OK, we have all been there and suffered disappointment when we didn't get the job that we wanted or needed. Some brave souls might have asked for some feedback and were most likely told that there was someone more qualified, who was a better match. Sometimes, however, things are out of your hands...
1. The vacancy has disappeared!
This may be quite unusual, but it has happened before and will probably happen again. Things have moved on since the ad was placed. Budgets have been withdrawn, the Head of Department has called a review of the structure that could result in less staff, not more. There are all sorts of possibilities here. Why didn't the organisation call it off? Well, they might think that they will lose credibility (not exactly effective management is it?), and if things are that fluid, they may even change back again. The managers would like to keep their options open. But would you have taken the day off for the interview if you had known?
2. Equal opportunities/The dreaded internal candidate
A contradiction here. Some organisations have policies that demand all vacancies be advertised. But what you don't know is that there is someone who has been seconded to the post for the past 18 months. They want the job, the manager wants them to have the job, but policy demands the post is advertised. A similar state of affairs applies when there is a strong internal candidate. Your chances of success are somewhat diminished here.
3. Your face didn't fit
You were assertive, outgoing, and confident, in fact just like everyone else on the team. These attributes usually go in your favour BUT the manager needed some balance, someone to bring calm and stability. But if you are naturally quiet and reserved - their target might have been an extrovert who would bring those shy wallflowers into the sun. But of course you can't change who you are, and why should you want to try?
4. You remind them of someone they once worked with
Someone they would rather forget. Also known as the halos and horns effect. The last person they appointed with short jet black hair and small features was unreliable, didn't want to answer the phone and guess what - someone else's characteristics are superimposed onto yours. (Of course it can work in reverse, when you are seemingly endowed with personality traits that they like - 'Reminds me of Jane when she was our trainee').
5. The job is not what you thought it was
They know your skills will be under-utilised. The copywriter has done what they think is a good job with the wording of the ad. The recruiters know you will be bored rigid inside a month. (But they have been pleased with the quality of the response!)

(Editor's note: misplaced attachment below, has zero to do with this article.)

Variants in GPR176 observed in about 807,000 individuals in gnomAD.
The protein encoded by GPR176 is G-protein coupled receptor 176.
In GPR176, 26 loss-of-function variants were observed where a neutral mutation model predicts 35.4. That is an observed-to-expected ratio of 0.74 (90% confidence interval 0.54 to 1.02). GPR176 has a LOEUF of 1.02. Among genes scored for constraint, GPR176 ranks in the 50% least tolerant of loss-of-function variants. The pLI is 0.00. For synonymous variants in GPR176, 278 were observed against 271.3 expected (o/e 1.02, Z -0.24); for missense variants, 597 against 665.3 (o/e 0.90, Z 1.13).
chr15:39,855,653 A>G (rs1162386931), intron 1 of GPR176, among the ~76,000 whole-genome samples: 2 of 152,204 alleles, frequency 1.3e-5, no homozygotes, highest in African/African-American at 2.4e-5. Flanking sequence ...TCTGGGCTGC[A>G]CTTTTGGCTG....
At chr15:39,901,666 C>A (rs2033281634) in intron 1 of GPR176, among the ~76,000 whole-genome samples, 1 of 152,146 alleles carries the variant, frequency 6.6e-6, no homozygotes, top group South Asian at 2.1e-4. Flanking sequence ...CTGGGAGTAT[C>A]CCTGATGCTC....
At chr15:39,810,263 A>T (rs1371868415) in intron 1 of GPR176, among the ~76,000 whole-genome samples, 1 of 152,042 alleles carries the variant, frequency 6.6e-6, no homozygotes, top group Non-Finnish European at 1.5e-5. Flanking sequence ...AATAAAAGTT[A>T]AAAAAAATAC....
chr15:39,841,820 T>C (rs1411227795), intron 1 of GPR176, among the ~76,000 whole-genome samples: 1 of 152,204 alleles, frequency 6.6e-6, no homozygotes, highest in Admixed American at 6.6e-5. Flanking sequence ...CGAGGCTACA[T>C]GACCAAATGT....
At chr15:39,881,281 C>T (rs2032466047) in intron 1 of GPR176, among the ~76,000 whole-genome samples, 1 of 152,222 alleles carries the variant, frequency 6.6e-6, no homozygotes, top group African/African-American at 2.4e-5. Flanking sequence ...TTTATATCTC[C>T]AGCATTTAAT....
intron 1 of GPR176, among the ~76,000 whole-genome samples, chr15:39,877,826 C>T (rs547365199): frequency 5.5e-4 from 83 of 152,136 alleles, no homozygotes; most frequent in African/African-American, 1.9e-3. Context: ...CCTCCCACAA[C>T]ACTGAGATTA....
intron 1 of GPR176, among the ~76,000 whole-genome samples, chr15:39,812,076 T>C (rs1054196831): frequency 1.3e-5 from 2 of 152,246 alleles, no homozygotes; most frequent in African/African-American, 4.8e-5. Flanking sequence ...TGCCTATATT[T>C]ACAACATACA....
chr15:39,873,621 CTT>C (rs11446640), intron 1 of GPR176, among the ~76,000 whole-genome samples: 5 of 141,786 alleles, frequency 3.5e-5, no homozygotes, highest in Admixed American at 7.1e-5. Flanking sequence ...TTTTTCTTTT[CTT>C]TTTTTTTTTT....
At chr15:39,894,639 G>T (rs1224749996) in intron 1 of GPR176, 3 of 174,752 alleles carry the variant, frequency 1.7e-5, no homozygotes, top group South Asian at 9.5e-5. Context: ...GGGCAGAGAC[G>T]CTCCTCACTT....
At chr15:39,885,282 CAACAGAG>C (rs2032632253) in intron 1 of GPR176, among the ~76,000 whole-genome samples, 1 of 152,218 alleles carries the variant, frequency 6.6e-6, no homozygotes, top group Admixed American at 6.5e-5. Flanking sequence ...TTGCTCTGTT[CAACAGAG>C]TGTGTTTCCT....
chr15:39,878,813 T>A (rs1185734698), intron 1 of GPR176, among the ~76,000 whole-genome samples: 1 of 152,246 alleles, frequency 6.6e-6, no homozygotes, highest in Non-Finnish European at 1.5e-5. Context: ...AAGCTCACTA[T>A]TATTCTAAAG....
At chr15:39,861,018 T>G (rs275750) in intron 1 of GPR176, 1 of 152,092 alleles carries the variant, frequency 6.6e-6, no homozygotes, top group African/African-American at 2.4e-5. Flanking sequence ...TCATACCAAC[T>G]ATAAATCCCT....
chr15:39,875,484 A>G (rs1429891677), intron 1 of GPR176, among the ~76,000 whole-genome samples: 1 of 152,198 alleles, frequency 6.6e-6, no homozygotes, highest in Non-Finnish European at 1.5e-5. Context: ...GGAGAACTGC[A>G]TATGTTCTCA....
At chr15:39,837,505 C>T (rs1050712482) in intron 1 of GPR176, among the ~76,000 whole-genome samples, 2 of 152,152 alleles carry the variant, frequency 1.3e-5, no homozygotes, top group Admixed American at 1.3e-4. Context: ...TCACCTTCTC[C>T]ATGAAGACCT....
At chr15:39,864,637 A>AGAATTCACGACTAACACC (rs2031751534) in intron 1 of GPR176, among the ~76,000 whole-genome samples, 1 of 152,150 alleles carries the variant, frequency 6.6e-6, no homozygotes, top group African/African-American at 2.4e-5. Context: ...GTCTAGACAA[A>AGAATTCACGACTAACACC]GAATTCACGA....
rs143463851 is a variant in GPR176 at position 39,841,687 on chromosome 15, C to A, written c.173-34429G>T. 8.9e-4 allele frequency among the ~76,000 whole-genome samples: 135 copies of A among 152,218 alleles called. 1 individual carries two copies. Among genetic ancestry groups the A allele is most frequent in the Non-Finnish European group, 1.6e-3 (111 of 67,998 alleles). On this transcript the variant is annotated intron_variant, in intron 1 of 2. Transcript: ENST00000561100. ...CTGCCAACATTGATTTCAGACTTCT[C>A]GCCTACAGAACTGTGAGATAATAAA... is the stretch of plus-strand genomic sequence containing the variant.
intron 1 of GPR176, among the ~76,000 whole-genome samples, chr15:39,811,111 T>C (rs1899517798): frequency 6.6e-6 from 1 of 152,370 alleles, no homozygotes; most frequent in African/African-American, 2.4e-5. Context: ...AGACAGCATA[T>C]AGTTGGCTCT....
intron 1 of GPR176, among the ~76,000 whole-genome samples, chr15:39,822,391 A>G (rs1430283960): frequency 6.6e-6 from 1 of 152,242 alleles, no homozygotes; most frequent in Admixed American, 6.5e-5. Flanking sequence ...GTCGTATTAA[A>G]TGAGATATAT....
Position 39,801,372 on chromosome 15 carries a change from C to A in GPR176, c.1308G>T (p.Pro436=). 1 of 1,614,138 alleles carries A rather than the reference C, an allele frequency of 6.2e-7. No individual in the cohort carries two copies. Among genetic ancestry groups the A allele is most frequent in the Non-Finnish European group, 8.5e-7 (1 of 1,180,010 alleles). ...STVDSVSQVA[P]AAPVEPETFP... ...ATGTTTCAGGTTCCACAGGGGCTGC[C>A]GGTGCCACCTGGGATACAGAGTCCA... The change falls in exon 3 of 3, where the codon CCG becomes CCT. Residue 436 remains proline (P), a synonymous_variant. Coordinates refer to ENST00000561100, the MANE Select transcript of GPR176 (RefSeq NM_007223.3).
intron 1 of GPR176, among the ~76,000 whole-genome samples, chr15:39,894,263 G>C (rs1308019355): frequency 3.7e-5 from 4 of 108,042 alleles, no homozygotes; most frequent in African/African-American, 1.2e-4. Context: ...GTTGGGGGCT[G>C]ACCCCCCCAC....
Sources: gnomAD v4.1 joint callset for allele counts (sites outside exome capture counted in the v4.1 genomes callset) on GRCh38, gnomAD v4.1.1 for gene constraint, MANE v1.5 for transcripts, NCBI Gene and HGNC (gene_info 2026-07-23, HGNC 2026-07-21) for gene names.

6. The manager feels threatened by your abilities
This where some manager's insecurities shine out. They feel that you are over qualified, wouldn't fit in with the rest of the team, or anything else they can think of. Of course in reality they can feel you snapping at their heels!
7. Your skills are not good enough
Painful though this may be, candidates do sometimes apply for jobs that are just out of their reach. Unless you are offered a job by a firm that are prepared to train, mould and invest in your future, it is in your own interests that you don't get this one.
8. Most of the candidates could do the job
This does happen - when there is nothing to choose between the majority of the short-listed candidates. It can be the luck of the draw - literally. A TV program once showed two equally qualified candidates names being place in a bin and the person whose name was drawn out got the job!
9. You were not available to start Monday.
Someone else could. Being available immediately can be a real bonus for the harassed manager.
10. There was someone else who had the edge.
You were beaten fair and square. We all like to think that we are good at what we do, and sometimes can be hard to accept that on the day there was someone else who was a better fit. It does happen, and some days it's not you.
Sorry if all this is a bit depressing there is one thing to hang onto. Sometimes it is just not your fault, and it didn't really matter how well you did, the odds were just stacked against you. Knowing this should help you keep things in perspective. You need to concentrate on the things that you can control - the things that you meant to say but didn't, the opportunities didn't grasp. Remember you want (and need) to work in an organisation that wants YOU, where your skills are valued and where you can personally flourish. Review every interview that you have, learn from the experience and move on. Persistence is the key to success.
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